Politicians and Election, Vote in Freedom, Actively Participate in Democracy, Vote for Change, Online referendum
left right close

Tom Cole

> United States of America > Politicians > Republican Party (United States) > Tom Cole
Tom Cole is ready for your opinion, support and vote. Vote online NOW!
Republican
 
photo Tom Cole

Tom Cole - for

The U.S. Representative for Oklahoma's 4th congressional district, serving since 2003.
 NO! Cole

Tom Cole - against

Click, if you do not support Tom Cole. Say why.

Online election results for "Tom Cole" in graph.

graph
Graph online : Tom Cole
Full functionality only if Javascript and Flash is enabled
ENG: Thomas Jeffery Cole (born April 28, 1949) is the U.S. Representative for Oklahoma's 4th congressional district, serving since 2003. He is a member of the Republican Party. He is a Deputy Minority Whip. The chairman of the National Republican Congressional Committee (NRCC) from 2006 to 2008, he was, during his tenure, the fourth-ranking Republican leader in the House. As of 2010, Cole—a member of the Chickasaw Nation—is the only registered Native American in Congress. Early life, education, and educating career Although born in Shreveport, Louisiana, Cole is a fifth-generation Oklahoman, having been raised in Moore, Oklahoma. He graduated from Grinnell College in 1971 with a B.A. in history. His postgraduate degrees include an M.A. from Yale University (1974) and a ...
for33against   In my opinion Tom Cole is quite good politician. For instance, because ... (if I wanted to write why, I wrote it here), positive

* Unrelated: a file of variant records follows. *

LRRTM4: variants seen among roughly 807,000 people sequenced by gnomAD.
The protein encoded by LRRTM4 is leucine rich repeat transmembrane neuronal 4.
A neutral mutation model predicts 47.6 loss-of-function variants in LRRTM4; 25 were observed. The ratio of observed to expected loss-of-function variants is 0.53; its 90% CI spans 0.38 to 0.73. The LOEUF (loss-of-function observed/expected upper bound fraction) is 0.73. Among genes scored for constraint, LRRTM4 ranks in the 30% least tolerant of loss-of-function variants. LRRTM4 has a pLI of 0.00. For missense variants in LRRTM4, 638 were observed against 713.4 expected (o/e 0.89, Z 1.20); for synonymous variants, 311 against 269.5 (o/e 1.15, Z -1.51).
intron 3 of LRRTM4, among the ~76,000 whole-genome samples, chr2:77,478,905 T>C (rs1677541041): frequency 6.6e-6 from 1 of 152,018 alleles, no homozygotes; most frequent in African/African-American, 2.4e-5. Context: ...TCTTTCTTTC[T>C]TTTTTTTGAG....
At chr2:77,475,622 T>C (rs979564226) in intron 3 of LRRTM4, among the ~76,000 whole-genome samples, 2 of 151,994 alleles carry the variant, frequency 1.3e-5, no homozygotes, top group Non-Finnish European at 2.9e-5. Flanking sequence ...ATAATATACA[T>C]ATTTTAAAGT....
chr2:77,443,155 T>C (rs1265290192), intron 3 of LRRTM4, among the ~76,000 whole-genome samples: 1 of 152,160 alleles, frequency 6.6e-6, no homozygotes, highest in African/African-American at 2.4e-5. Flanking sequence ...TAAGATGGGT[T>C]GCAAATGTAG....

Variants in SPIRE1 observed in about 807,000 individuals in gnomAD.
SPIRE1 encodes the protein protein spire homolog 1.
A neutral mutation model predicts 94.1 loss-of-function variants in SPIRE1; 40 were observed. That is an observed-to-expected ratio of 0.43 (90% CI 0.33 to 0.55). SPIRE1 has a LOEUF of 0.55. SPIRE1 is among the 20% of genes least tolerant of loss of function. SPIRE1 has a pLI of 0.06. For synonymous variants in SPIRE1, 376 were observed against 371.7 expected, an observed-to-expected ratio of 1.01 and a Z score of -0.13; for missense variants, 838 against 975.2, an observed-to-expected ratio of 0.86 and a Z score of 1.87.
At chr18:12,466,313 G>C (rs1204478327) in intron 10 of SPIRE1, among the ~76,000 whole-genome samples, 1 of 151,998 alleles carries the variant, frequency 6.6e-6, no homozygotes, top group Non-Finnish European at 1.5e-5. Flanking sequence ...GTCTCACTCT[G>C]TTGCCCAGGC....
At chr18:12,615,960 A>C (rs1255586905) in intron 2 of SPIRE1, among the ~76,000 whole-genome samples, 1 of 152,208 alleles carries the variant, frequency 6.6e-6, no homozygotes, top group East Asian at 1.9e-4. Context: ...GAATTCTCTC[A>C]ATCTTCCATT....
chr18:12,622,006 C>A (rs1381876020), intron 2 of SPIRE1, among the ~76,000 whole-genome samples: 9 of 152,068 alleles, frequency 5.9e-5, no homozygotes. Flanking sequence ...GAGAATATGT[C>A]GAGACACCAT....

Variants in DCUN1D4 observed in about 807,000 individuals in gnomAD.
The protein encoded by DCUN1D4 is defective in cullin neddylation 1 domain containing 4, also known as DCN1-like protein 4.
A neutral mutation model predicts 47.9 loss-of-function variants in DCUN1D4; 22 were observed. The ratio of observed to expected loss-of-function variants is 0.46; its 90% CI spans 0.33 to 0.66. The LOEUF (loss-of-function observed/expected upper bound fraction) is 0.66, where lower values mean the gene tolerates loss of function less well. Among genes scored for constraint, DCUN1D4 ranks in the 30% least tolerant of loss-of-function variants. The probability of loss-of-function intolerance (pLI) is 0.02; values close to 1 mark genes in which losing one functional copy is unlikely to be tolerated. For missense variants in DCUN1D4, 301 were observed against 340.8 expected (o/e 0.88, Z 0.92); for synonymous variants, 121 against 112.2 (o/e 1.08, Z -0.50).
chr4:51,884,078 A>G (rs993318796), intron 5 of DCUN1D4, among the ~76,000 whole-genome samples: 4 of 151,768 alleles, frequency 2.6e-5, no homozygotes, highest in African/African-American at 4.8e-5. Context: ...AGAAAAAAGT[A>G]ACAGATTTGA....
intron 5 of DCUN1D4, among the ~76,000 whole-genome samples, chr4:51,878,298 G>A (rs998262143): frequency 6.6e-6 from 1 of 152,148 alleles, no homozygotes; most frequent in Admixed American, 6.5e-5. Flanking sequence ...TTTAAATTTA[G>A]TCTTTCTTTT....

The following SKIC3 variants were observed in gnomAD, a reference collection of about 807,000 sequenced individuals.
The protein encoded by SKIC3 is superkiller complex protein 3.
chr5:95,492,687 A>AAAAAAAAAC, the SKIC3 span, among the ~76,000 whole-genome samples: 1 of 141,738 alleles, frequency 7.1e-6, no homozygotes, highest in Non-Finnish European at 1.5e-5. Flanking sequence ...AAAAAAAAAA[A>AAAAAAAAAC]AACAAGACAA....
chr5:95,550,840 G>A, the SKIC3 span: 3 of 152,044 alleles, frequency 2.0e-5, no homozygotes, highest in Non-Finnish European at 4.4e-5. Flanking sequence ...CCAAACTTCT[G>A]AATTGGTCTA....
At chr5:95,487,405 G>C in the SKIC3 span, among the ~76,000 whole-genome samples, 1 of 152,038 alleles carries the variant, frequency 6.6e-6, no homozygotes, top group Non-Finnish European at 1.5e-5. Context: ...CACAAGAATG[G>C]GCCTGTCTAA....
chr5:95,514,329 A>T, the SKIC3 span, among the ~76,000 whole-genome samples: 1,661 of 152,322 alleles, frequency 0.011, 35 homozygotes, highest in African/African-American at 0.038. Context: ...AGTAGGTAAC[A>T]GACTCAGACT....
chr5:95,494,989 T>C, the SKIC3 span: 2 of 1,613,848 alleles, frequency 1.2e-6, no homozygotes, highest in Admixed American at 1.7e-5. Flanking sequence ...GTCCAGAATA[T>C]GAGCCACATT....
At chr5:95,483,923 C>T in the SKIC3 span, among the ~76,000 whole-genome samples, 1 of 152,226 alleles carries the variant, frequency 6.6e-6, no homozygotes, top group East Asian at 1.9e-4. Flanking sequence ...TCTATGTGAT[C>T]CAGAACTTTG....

for32against   I do not agree. Tom Cole is bad choice. For instance, because ... (if I wanted to write why, I wrote it here), negative
Current preference ratio
for Tom Cole

Cole Statement on Defense Strategy Announcement


Rep. Tom Cole (OK-04) released the following statement after President Obama announced new defense strategy priorities in remarks at the Pentagon: "These changes will make America weaker, not stronger. We are cutting defense spending and the size of our armed forces because the Obama administration is overspending in other areas, not because we have a military that is too large or overfunded. "We still live in a very dangerous world that won't be safer with fewer American soldiers, sailors, airmen and Marines. Moreover, the reductions in the size of our ground forces will force the United ...


Congressman Tom Cole Weighs in on Health Care, Troop Surge


Dozens of Oklahomans weighed in on issues from health care to soldiers overseas at a town hall meeting Saturday inChickasha with Representative Tom Cole. Cole gave his views on the current happenings in Washington during a town hall meeting Saturday and said as a former college instructor, he would give the Administration a "D" if he had to grade their progress when it comes to hot topics from the war to health care. Cole said when the House narrowly passed the landmark health care bill last month, health care reform took a giant step backward. "I think what we have is still not acceptable ...


Cole Statement on Keystone Pipeline Announcement


Rep. Tom Cole (OK-04) released the following statement after the White House announced it is rejecting plans to move forward with the Keystone XL pipeline: "President Obama's decision to block the Keystone pipeline is indefensible. This is a purely political move that puts the president's campaign ahead of the urgent need to create American jobs. Years of extensive study show that Keystone will be just as environmentally safe as the many other pipelines already crisscrossing the nation. ... Source: cole.house.gov


[TOP 4]

> Tom Cole > News

Celebrating Native American Heritage